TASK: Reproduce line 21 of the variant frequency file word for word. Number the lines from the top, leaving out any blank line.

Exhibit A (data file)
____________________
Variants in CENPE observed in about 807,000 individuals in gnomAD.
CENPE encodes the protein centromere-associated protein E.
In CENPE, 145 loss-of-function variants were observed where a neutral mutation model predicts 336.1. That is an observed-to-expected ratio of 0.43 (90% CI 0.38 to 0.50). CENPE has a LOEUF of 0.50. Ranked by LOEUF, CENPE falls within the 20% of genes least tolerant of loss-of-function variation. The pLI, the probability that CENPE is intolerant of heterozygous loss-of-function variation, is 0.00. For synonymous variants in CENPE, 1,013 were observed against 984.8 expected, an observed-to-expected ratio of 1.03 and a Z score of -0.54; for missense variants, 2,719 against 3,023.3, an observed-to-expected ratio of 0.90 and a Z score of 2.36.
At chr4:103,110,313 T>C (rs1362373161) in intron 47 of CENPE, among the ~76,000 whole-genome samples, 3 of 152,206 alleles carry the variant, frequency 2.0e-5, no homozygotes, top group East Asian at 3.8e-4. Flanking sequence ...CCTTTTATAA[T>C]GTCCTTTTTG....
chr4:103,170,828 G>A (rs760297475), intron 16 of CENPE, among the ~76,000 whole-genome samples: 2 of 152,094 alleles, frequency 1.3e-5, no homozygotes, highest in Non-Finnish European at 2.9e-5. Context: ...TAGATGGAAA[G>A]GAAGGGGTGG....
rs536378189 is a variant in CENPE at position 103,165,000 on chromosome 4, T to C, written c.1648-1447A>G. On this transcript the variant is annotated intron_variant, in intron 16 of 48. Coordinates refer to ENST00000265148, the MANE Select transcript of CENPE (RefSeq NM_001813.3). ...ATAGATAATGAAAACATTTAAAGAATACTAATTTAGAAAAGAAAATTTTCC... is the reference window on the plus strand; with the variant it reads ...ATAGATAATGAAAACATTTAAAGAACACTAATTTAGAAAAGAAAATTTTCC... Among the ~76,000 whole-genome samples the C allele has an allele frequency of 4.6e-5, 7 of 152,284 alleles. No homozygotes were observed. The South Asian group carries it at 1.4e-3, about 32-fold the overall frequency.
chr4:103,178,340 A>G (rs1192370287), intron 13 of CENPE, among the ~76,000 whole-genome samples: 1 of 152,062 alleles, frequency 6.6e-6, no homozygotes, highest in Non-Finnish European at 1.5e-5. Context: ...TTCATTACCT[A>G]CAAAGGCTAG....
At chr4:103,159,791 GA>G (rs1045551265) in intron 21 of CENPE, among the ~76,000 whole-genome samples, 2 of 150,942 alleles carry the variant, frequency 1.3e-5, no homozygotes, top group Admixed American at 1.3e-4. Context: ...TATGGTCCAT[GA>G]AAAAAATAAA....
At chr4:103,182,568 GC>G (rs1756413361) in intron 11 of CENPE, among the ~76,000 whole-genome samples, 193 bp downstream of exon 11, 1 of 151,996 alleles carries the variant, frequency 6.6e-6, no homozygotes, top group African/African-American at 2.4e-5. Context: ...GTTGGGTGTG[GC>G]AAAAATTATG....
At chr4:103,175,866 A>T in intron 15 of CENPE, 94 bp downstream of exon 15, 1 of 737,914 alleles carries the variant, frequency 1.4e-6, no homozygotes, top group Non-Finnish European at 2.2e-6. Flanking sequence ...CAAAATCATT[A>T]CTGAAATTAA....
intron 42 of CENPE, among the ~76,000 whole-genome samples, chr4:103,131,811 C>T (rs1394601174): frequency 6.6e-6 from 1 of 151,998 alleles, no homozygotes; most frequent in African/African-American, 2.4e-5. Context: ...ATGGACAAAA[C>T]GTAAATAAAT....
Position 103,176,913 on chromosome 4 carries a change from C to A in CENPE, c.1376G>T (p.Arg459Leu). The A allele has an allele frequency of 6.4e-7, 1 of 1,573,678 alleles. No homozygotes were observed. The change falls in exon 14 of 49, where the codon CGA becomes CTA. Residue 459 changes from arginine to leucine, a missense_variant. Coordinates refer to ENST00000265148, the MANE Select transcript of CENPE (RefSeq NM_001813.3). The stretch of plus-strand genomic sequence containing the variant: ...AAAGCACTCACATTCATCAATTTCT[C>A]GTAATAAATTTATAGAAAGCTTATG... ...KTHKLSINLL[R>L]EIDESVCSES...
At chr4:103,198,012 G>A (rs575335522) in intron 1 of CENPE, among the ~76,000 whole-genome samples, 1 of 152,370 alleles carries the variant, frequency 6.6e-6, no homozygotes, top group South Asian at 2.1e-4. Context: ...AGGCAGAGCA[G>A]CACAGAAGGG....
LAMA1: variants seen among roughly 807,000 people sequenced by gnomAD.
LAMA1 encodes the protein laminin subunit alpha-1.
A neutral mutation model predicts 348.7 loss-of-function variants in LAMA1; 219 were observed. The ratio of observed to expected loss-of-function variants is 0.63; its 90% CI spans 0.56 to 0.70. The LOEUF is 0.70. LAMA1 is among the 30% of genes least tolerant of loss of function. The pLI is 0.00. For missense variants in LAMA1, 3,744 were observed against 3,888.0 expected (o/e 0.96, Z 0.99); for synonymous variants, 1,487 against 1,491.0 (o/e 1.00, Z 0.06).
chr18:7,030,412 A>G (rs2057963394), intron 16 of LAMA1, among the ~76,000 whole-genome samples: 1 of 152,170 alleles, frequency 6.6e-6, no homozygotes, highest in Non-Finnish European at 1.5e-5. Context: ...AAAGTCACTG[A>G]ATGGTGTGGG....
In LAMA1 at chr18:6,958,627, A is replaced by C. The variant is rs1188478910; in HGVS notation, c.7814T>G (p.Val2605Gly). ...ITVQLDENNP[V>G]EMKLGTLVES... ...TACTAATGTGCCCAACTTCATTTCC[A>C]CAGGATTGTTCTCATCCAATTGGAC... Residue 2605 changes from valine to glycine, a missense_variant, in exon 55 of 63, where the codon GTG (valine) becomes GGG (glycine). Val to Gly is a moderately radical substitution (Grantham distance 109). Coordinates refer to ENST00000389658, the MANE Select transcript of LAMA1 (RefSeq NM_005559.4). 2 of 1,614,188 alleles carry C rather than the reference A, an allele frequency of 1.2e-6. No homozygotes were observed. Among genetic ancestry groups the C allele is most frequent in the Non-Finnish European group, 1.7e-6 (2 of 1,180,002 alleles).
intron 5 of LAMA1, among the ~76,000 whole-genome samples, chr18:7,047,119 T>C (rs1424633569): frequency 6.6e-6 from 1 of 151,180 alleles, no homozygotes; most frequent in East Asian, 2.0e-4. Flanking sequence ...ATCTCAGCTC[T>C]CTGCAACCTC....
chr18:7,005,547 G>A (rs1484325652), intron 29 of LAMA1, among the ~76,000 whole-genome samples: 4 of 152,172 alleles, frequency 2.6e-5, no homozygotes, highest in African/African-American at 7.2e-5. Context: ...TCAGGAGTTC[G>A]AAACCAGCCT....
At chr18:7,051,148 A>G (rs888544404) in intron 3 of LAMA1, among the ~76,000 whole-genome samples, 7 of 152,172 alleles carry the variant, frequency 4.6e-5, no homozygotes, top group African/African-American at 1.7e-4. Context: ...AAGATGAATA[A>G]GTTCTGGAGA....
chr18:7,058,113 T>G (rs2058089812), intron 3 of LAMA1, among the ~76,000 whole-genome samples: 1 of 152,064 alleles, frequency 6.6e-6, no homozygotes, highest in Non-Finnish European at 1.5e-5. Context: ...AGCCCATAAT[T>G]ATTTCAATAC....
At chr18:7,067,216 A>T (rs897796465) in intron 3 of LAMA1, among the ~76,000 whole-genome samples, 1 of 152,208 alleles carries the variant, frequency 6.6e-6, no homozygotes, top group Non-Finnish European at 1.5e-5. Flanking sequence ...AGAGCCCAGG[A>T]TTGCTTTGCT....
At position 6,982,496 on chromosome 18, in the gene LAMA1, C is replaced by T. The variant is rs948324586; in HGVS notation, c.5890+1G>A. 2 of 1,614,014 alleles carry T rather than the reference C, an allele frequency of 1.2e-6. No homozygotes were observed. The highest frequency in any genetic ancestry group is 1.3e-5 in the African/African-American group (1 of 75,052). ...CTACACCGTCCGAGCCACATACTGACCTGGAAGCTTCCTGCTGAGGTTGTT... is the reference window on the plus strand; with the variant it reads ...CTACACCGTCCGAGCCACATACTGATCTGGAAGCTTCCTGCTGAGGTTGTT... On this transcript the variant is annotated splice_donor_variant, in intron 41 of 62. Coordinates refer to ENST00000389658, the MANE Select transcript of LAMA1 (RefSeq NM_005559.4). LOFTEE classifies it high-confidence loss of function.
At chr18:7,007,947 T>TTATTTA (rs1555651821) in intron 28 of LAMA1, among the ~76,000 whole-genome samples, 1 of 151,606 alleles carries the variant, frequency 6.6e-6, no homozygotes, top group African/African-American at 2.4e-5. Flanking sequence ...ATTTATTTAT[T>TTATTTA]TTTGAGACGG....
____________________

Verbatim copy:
At chr18:7,051,148 A>G (rs888544404) in intron 3 of LAMA1, among the ~76,000 whole-genome samples, 7 of 152,172 alleles carry the variant, frequency 4.6e-5, no homozygotes, top group African/African-American at 1.7e-4. Context: ...AAGATGAATA[A>G]GTTCTGGAGA....